[427] Plut. _Ti. Gracch_. 20 [Greek: _tautaen protaen historousin en
Rhomae stasin, aph' ou to basileuesthai katelysan, aimati kai phono
politon diakrithaenai_.]

[428] Sall. _Jug_. 31. 7 Occiso Ti. Graccho, quem regnum parare aiebant,
in plebem Romanam quaestiones habitae sunt. Val. Max. iv. 7, 1 Cum
senatus Rupilio et Laenati consulibus mandasset ut in eos, qui cum
Graccho consenserant, more majorum animadverterent ... Cf. Vellei.
ii. 7. 4.

[429] Cic. _de Amic_. 11. 37.

[430] Plut. _Ti. Gracch_. 20.

[431] Cic. _de Amic_. ii. 37; Val. Max. iv. 7. 1.

[432] Plut. _Ti. Gracch_. 20.

[433] Ibid. 21.

[434] Val Max. v. 3. 2 e Is quoque (Scipio Nasica) propter iniquissimam
virtutum suarum apud cives aestimationem sub titulo legationis Pergamum
secessit et quod vitae superfuit ibi sine ullo ingratae patriae
desiderio peregit. Cf. Plut. l.c.; Strabo xiv. 1. 38. See Waddington
_Fastes_ p. 662.

[435] Vellei. ii. 3. 1 P. Scipio Nasica ... ob eas virtutes primus
omnium absens pontifex maximus factus est. The other view, that Nasica
was already pontifex maximus before his exile, was widely prevalent and
is stated by nearly all our authorities (Cic. _in Cat_. i. 1. 3; Val.
Max. 1. 4. 1; Plut. _Ti. Gracch_. 21; App. _Bell. Civ_. i. 16).

[436] Plut. l.c.

[437] Val. Max. vii. 2, 6 Par illa sapientia senatus. Ti. Gracchum
tribunum pl. agrariam legem promulgare ausum morte multavit. Idem ut
secundum legem ejus per triumviros ager populo viritim divideretur
egregie censuit.

[438] Plut. _Ti. Gracch_. 21, C.I.L. i. n. 552 C. Sempronius _Ti. F.
Grac_., Ap. Claudius C. F. Pulc., P. Licinius P. F. Crass. III vir. A.
I. A. (Cf. nn. 553. 1504), n. 583 (82-81 B.C.) M. Terentius M. F.
Varro Lucullus Pro Pr. terminos restituendos ex s. c. coeravit qua P.
Licinius Ap. Claudius C. Graccus III vir A. D. A. I. statuerunt. These
_termini_ suggest the _limites Graccani_ of the _Liber Coloniarum
(Gromatici_ ed. Lachmann, pp. 209. 210) which may refer to the agrarian
assignments under the _leges Semproniae_ (of Ti. and C. Gracchus) rather
than to the colonial foundations of the younger brother.

[439] Liv. _Ep_. lix. Seditiones a triumviris Fulvio Flacco et
C. Graccho et C. Papirio Carbone agro dividendo creatis excitatae.
App. _Bell. Civ_. i. 18. C.I.L. i. n. 554 M. Folvios M.F. Flac.,
C. Sempronius Ti. F. Grac., C. Paperius C.F. Carb. III vire. A.I.A.
(cf. n. 555).

[440] C.I.L. i. 551 (Wilmanns 797) Primus fecei ut de agro poplico
aratoribus cederent pastores.

[441] Liv. _Ep_. lix. (131 B.C.) Censa sunt civium capita CCCXVIII milia
DCCCXXIII praeter pupillos et viduas. Ib. lx. (125 B.C.) Censa sunt
civium capita CCCLXXXXIIII milia DCCXXVI. See de Boor _Fasti Censorii_.

[442] Mommsen _Hist. of Rome_ bk. iv. c. 3.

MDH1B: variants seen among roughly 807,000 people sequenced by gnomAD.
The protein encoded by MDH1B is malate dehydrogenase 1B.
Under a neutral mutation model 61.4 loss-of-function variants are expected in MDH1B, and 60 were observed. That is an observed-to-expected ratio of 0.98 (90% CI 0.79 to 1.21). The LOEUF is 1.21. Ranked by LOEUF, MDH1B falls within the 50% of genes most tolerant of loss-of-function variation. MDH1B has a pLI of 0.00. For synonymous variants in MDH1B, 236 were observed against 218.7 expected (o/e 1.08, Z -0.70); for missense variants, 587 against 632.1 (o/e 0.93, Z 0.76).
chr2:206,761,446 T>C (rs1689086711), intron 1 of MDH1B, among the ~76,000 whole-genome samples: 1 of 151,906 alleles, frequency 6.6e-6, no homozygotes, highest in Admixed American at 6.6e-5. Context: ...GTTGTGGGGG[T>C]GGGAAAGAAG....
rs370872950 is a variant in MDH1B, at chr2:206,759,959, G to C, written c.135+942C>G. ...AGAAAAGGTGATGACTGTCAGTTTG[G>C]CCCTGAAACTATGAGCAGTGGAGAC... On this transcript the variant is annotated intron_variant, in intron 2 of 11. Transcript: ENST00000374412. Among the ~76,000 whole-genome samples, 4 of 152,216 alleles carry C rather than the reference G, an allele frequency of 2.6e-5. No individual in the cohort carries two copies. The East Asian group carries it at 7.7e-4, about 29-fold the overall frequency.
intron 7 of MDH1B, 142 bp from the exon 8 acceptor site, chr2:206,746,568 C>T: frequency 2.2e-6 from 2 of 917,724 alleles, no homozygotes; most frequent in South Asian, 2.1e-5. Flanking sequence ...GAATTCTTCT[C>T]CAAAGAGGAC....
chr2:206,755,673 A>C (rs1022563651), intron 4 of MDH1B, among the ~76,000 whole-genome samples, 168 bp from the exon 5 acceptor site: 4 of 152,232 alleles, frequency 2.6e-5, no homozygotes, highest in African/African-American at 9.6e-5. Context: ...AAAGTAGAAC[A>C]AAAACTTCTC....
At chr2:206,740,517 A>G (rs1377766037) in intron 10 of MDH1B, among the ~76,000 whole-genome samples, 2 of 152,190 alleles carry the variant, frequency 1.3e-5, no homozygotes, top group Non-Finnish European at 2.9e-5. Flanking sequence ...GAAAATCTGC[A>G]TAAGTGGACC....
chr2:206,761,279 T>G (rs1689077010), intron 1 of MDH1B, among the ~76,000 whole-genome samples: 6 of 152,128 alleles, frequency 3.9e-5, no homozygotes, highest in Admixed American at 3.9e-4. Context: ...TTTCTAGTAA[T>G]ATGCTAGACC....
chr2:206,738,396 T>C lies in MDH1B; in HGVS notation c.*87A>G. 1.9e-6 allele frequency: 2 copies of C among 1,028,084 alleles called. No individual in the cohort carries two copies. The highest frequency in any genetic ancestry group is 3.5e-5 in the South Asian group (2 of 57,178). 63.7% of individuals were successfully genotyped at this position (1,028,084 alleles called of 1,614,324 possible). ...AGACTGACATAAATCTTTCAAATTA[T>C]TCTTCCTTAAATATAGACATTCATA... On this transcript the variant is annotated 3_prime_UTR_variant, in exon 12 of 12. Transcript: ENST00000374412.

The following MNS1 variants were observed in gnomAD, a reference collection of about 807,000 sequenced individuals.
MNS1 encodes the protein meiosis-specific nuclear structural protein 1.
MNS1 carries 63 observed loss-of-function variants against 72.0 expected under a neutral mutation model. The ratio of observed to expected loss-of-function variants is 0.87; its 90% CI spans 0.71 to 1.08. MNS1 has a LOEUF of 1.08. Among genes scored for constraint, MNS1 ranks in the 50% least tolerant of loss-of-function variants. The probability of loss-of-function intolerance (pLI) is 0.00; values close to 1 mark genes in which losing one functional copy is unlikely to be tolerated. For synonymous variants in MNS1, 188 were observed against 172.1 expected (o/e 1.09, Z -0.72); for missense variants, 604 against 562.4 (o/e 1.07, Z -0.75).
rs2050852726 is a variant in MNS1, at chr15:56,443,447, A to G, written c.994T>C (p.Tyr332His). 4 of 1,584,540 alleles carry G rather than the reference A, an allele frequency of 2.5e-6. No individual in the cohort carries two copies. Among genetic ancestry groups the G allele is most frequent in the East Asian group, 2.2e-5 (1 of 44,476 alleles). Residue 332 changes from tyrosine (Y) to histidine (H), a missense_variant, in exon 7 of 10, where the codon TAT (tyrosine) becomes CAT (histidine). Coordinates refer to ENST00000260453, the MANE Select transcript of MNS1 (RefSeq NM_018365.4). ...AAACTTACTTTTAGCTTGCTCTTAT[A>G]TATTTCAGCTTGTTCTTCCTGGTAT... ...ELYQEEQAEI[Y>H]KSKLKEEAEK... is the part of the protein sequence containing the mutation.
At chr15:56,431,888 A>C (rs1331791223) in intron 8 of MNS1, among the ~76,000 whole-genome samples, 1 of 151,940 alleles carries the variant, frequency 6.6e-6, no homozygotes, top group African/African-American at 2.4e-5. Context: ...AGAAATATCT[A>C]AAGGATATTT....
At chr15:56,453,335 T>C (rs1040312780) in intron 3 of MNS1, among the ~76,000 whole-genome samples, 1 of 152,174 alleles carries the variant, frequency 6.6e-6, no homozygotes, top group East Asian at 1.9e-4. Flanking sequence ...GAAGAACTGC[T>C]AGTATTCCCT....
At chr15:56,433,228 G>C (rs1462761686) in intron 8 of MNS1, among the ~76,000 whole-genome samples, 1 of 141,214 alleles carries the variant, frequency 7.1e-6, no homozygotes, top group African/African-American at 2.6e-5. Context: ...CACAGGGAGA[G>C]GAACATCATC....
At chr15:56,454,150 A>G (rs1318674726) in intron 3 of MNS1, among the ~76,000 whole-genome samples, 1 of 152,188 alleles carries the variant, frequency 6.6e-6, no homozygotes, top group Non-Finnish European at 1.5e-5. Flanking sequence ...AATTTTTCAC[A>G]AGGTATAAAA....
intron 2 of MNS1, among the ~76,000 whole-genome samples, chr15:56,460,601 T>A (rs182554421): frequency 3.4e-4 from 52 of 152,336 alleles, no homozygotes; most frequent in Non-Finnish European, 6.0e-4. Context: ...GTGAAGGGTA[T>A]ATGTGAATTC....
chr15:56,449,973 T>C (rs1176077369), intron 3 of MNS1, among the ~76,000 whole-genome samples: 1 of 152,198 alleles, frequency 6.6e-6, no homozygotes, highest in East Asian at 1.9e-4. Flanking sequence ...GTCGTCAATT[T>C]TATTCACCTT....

[443] App. _Bell. Civ_. i. 18 [Greek: _amelounton de ton kektaemenon
autaen (sc. taen gaen) apographesthai, kataegorous ekaerytton
endeiknynai; kai tachy plaethos haen dikon chalepon_].

[444] App. l.c.

[445] Unless we take such to be the meaning of Hyginus (_de Condic.
Agr_. p. 116) Vectigales autem agri sunt obligati, quidam r. p. P. R.,
quidam coloniarum aut municipiorum aut civitatium aliquarum. Qui et ipsi
plerique ad populum Romanum pertinentes.... The passage seems to state
that some _agri_ which owed _vectigal_ to communities belonged to the
Roman people. There might therefore be a fear of their resumption,
although it should have been remote, since these lands, as the context
shows, were dealt with by a system of lease (for its nature see Mitteis
_Zur Gesch. der Erbpacht im Alterthum_ pp. 13 foll.), and leaseholds do
not seem to have been threatened by Gracchus.

[446] App. _Bell. Civ_. i 19.

[447] Plut. _Ti. Gracch_. 21. Hom. _Od_. i. 47.

[448] Cic. _Phil_. xi. 8. 18; Liv. _Ep_. lix.; Eutrop. iv. 19.

[449] Liv. _Ep_. lix. Cum Carbo tribunus plebis rogationem tulisset, ut
eundem tribunum plebi, quoties vellet, creare liceret, rogationem ejus
P. Africanus gravissima oratione dissuasit. Cic. _de Amic_. 25. 95
Dissuasimus nos (Laelius), sed nihil de me: de Scipione dicam libentius.
Quanta illi, dii immortales! fuit gravitas! quanta in oratione majestas!
... Itaque lex popularis suffragiis populi repudiata est. Cf. Cic. _de
Or_. ii. 40. 170.

[450] Vellei. ii. 4. 4 Hic, eum interrogante tribuno Carbone quid de Ti.
Gracchi caede sentiret, respondit, si is occupandae rei publicae animum
habuisset, jure caesum. Et cum omnis contio adclamasset, "Hostium,"
inquit, "armatorum totiens clamore non territus, qui possum vestro
moveri, quorum noverca est Italia?" Val. Max. vi. 2. 3 Orto deinde
murmure "Non efficietis," ait, "ut solutos verear quos alligatos
adduxi." Cf. Cic, _pro Mil_. 3. 8; Liv. _Ep_. lix; Plut. _Ti.
Gracch_. 21.

[451] App. _Bell. Civ_. i. 19 [Greek: _ho d' es tous polemous autois
kechraemenos prothymotatois hyperidein ... oknaese_.]

[452] Liv. _Ep_. lvii.

[453] App. _Bell. Civ_. i 19.

[454] Liv. _Ep_. lviii (p. 127).

[455] App. l.c.

[456] App. l.c.

[457] App. l.c.

[458] Plut. _C. Gracch_. 10.

[459] Oros. v. 10. 9; Cic. _de Amic_. 3. 12.

[460] App. _Bell. Civ_. i. 20.

[461] Plut. _Rom_. 27 [Greek: _oi men automatos onta physei nosodae
kamein legousin_.]